“Keep That In Your Heart”

It’s Monday as I’m writing this, New Year’s Eve. In light of what I’m going to write about, I’m not sure if I’ll let this go live today, or if I’ll schedule it. I’ll decide when I get to the end.

When I was about 18 or so (I can’t quite remember, it was a very fuzzy time), I was seeing someone who was much older than me, almost twice my age. As a result, I spent time with him and his friends who were of the same age as him. One friend whom I had a ridiculous amount of respect for, was called John (who was slightly older than the ex).

I was at a peak in my cello playing, and would often spend hours talking to John about classical music. He took me to concerts at Symphony Hall, often sourced out my favourite cellists at the time and took me to their performances, he almost always came to my own orchestral concerts, performances and recitals, and would often sneak me a glass of wine if I was stupidly nervous for a solo or similar. He’d come to my concerts around the whole of the UK when I was performing with some of the biggest orchestras I ever got to work with at that age, and would support me from afar when travelling the world.

Upon splitting up with my ex, I’d often escape the hideous environment with him and the shitty atmosphere at home (separation was imminent; I still wish to god it happened sooner) by packing my bag and my cello, and seeking refuge at John’s house. I’d practice for hours on end in his music room; he always enjoyed hearing me play. I’d enjoy the luxury of a glass of wine and as much classical music as I wanted to listen to on his uh-mazing music system. Often, one of his gorgeous cats, usually his gorgeous Havana Brown kitty would sleep on my lap. I revelled in this; I wasn’t allowed a cat at home, though I wanted one desperately.

If things were really hideous at home, as was often the case, he’d make up the spare room and leave me in peace to cry, or think, or just shut down as I needed to on a regular basis. He never asked about things at home; I’m not sure that he needed to. And I never told him either; I think he was astute enough to figure out that things were unpleasant. He was my mental escape, often an escape into a world I so desperately wanted to be a part of. That much he definitely knew. I don’t know if he just enjoyed my company, if he really enjoyed having me around, if he genuinely wanted to help me and this was the only way he knew…I don’t know.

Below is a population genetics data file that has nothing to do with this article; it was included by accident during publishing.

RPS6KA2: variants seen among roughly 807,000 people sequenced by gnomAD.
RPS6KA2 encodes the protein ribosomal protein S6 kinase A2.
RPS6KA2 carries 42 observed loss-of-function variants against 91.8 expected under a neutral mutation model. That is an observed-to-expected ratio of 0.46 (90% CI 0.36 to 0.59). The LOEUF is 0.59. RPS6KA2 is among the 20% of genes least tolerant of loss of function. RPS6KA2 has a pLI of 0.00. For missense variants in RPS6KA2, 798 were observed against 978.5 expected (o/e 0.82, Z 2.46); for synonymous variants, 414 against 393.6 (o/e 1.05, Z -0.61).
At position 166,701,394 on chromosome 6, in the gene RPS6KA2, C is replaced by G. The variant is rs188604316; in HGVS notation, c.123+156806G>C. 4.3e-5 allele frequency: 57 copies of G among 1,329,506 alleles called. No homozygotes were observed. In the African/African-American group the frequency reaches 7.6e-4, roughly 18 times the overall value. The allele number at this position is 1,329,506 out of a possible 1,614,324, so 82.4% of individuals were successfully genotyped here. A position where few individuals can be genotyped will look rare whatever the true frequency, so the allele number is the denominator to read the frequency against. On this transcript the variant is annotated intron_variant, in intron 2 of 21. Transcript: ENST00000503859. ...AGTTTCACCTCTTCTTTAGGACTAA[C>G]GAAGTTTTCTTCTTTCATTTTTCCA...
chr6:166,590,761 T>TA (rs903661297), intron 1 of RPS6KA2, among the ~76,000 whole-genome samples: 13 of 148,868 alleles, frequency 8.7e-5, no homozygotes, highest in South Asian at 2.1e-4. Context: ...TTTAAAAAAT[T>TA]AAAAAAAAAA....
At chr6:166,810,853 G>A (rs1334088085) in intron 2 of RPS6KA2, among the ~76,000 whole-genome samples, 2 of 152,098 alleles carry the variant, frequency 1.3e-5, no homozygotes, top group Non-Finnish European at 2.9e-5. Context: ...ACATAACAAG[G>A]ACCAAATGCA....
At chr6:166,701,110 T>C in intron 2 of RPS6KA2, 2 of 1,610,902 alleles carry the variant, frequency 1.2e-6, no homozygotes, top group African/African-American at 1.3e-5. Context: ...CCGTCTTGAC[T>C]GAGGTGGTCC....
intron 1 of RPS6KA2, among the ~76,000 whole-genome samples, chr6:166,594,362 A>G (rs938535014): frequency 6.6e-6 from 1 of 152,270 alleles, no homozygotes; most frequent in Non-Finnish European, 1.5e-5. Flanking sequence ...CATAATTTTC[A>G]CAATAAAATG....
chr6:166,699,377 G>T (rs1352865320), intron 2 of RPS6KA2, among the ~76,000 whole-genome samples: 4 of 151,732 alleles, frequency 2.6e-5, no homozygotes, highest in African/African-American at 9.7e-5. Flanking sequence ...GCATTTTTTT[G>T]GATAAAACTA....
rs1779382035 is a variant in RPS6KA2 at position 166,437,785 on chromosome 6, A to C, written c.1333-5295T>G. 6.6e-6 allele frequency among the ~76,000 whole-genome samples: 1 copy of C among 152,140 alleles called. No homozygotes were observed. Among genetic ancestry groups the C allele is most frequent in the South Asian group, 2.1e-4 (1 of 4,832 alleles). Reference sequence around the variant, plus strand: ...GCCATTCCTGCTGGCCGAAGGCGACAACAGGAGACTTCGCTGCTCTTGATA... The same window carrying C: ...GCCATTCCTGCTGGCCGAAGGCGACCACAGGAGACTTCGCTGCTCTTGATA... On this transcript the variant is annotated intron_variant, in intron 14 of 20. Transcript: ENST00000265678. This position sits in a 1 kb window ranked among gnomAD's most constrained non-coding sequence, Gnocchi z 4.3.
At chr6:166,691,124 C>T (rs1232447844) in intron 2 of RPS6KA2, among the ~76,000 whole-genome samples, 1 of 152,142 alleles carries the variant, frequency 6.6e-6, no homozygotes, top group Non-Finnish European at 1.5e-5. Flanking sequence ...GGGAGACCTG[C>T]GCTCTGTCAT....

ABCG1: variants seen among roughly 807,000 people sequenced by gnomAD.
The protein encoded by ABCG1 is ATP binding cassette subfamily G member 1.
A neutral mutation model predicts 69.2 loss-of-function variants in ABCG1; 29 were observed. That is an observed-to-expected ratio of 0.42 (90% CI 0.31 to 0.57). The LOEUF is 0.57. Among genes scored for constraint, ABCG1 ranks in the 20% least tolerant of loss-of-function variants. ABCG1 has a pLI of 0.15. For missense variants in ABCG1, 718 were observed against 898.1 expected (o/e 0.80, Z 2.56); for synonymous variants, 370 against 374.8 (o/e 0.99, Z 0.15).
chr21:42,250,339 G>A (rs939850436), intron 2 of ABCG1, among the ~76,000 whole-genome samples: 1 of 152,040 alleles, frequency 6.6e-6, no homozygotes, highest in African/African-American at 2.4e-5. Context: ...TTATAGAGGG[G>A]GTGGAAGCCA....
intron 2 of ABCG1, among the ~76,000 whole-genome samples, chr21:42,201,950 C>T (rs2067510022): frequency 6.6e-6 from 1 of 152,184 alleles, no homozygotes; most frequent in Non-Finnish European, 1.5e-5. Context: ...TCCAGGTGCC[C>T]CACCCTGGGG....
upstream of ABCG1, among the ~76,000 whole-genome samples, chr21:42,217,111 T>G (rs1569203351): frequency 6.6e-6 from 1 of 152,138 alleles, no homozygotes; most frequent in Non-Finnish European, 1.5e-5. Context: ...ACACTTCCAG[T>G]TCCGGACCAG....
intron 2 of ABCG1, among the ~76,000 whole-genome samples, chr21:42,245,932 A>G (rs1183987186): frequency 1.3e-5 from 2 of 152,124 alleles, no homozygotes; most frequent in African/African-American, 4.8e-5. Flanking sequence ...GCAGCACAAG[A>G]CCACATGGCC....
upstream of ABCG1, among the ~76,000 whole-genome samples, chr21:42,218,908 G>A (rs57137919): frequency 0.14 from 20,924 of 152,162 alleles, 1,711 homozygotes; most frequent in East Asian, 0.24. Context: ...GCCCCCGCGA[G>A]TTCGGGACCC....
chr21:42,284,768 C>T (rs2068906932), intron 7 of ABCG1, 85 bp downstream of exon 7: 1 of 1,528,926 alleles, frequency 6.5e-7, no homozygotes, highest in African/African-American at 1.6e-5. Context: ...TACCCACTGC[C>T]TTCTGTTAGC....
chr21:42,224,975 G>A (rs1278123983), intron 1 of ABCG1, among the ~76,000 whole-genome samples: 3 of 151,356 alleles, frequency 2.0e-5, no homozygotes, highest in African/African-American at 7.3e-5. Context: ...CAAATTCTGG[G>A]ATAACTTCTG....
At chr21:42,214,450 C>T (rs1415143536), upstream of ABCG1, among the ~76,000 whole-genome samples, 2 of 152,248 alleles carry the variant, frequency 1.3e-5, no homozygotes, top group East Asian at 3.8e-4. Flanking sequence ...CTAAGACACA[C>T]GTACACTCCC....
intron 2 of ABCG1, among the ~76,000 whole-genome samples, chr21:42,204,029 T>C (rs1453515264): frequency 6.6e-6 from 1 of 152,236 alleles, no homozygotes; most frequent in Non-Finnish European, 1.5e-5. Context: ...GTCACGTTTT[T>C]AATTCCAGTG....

I laughed with him a lot. When we went to concerts in Symphony Hall, even though he himself was nearly 50 at the time, we would laugh at the stuffy old couples who were there, too up their own arses to acknowledge a younger generation wanting to attend. The very second the interval began, we’d sneak out for the fastest glass of wine we could down, and suppress snorts of laughter at the looks of disgust from others as we made it back just in time for the second half. We had our own silly little things we made up along the way; the start of a concert didn’t “commence”, we would say “so what time is bow-off?” or “when do we baton down?”

Silly things. Stupid things. Not funny to anyone else, I guess, but things that made it easier for me.

At the very end of my music degree some 5 years later, John and I had drifted apart, sending only the odd message or email. He wasn’t a big fan of technology, but that was ok. If I was passing by in my car, I’d always knock on his door and say a quick hello. I had one solo performance left to do at uni, and I was full of music resentment by this point. My 3 year degree had planted the first of many cracks in my musical spirit. I had an orchestra (outside of uni) at my disposal to help me do a proper concerto. I had it all memorised and the conductor was lovely; the university offered no help or support in completing this. And I couldn’t do it without the ok from them. So I quite literally said “fuck it, and fuck you”. I invited John to hear me perform, but warned him my pieces weren’t great, my playing would be very underprepared, and he wouldn’t see the same spirit he had seen in years before.

He understood. And while it was my worst performance to date, even beyond the solos I had done where I was suffering nervous bow shakes so badly I was on beta blockers, he was still proud of me. He still showed up.

My standards were NEVER as high as John’s standards. Ever. I had so much to learn from him, more than I had learned over the years we had been close friends. He didn’t play an instrument. Well, he had a piano, which I spent hours practising on when I didn’t have access to my own, and he would play basic tunes, but often it sat quiet, waiting for me to play it. I relished it. But John…I couldn’t understand it. He didn’t have musical talent, but he had an incredible musical ear. He was able to pick out complex themes and melodies from huge orchestral symphonies and concertos. Like me, he could identify almost any work just by hearing a few bars of the piece. He knew if I had a cold just by listening to the intonation of my playing (my hearing goes to shit when I have a cold, and I used to rely on vibrations and resonances when my intonation was fucked).